Lilly Reich - The woman behind Mies furniture
Lilly Reich - The woman behind Mies furniture design successes
From her early work with the Wiener Werkstätte to her influential contributions to the Bauhaus School, Lilly Reich was a pioneering architect who shaped modern architecture and design. Learn more about her collaborations, particularly with Ludwig Mies van der Rohe, who left an indelible mark on the world of design despite the challenges she faced in a male-dominated field.
Lilly Reich (1885-1947) was a prominent figure in the modern movement of architecture. At an early age, she joined the Wiener Werkstätte, a visual arts production company led by the Austrian architect Josef Hoffmann. Later, Reich was the first woman to be elected to the board of the Deutscher Werkbund, a German association of artists, architects, designers, and industrialists established in 1907. The mission was to promote German design on the global market, and the Werkbund became an essential element in the development of modern architecture and industrial design, particularly in the later creation of the Bauhaus School of Design.
Lilly Reich was appointed the artistic director of Germany's appearance at the Barcelona International Exposition in 1929. The German government had made its aspirations for the pavilion clear: the building represented "our desire to be absolutely truthful, giving voice to the spirit of a new era."
The commission to design the pavilion went to the architect Ludwig Mies van der Rohe (1886–1969), who later became one of the most recognized architects of the 20th century. For the Barcelona exhibition, Mies created a modernist radical expression with free-flowing surfaces limited by marble, mirror chrome, glass, and onyx.
The pavilion became a major attraction at the exhibition, as did the MR 90 lounge chair, later named the Barcelona chair.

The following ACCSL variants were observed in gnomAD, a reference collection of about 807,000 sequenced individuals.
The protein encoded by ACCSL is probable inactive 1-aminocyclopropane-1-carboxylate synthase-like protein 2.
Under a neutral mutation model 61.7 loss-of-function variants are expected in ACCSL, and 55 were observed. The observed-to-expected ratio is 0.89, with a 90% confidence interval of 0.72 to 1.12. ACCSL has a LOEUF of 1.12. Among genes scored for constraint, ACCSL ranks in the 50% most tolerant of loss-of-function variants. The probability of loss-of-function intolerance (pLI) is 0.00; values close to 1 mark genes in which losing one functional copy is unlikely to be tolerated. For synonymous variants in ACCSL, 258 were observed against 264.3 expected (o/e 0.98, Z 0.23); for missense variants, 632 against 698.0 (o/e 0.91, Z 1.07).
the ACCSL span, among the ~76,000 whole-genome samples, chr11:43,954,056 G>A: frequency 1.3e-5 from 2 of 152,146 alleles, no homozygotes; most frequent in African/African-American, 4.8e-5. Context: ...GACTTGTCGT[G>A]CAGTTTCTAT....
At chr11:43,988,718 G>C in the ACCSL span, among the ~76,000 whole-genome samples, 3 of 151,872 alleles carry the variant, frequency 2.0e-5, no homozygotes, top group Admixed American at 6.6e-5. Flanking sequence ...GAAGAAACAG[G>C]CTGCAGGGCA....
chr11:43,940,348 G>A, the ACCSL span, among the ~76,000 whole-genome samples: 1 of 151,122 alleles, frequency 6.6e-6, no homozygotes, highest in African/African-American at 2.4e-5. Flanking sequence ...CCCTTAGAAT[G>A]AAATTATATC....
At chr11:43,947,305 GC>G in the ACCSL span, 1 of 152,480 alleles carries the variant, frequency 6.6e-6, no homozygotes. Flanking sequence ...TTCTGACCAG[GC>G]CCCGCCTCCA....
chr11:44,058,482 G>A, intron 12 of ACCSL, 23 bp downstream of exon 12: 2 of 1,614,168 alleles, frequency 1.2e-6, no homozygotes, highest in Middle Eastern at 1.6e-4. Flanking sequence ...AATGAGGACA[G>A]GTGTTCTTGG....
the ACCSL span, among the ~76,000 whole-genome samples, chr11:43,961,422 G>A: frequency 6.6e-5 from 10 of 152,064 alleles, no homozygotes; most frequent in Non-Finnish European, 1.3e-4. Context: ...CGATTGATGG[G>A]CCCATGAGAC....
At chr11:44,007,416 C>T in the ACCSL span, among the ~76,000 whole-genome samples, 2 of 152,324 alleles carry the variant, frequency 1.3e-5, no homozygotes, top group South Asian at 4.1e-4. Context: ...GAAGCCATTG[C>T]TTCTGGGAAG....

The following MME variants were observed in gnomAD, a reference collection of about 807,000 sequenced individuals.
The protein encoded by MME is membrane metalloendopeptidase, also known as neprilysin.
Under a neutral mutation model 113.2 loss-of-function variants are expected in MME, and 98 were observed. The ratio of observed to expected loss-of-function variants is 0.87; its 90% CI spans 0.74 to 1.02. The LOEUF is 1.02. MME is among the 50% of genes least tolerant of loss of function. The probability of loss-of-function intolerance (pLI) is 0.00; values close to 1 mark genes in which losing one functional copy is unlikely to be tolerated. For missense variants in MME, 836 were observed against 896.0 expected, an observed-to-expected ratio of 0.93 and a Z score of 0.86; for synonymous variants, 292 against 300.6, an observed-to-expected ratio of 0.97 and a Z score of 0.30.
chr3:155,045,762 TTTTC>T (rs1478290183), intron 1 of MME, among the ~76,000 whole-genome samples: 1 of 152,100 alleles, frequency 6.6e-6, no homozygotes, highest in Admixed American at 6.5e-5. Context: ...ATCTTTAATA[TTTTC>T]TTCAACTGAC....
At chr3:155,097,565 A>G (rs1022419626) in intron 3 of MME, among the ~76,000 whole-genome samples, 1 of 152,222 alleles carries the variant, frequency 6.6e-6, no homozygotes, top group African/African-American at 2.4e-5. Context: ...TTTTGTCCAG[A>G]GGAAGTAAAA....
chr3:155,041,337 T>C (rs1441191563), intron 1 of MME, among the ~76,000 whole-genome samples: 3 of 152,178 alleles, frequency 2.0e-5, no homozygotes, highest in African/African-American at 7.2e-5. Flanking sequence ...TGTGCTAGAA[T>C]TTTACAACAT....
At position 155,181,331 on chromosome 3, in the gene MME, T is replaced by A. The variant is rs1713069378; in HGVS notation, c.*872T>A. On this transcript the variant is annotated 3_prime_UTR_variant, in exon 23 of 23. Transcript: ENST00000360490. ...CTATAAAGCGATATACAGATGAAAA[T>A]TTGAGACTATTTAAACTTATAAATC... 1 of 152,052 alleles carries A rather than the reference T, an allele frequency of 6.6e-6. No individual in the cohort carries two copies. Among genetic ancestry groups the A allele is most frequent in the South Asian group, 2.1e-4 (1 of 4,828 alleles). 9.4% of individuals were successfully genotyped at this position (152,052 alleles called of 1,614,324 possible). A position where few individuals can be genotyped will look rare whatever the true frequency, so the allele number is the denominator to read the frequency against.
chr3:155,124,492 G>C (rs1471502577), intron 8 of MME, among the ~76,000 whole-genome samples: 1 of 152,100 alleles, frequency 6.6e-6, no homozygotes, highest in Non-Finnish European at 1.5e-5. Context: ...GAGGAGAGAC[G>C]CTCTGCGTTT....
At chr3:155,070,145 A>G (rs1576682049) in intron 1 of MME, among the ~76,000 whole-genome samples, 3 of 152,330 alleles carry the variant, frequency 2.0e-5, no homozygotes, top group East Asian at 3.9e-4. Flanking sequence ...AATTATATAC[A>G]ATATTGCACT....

Three years later, Lilly Reich was asked to join the Bauhaus School to direct their interior design workshop. Bauhaus was the ground-breaking school of modernist art, design, and architecture but was closed down by the Nazi party when risen to power in 1933.
Despite her exceptional contributions to modern German architecture Lilly Reich became famous after her death, primarily because she collaborated with Mies van der Rohe. Mies became the last director of the Bauhaus School, but considering the Nazism's strong opposition to modernism, Mies emigrated to the United States in 1938.
Lilly Reich and Ludwig Mies van der Rohe were partners for some years, and people publicly speculated that Reich may have been responsible for some of van der Rohe's successes in designing furniture. But as often happens to women, Reich was overshadowed by her famous male partner.
”It became more than a coincidence that Mies's involvement and success in exhibition design began at the same time as his personal relationship with Reich... It is interesting to note that Mies did not fully develop any contemporary furniture successfully before or after his collaboration with Reich.”
ALBERT PFEIFFER – KNOLL INTERNATIONAL
Learn more about Lilly Reich here.
MDM Talks #10: We talked with the designer, Adrian Bursell. In 2020, Adrian graduated from Konstfack. For his graduation project, Sticks & Stones: Souvenirs from Öland, he designed a side table called "Lilla Alvaret".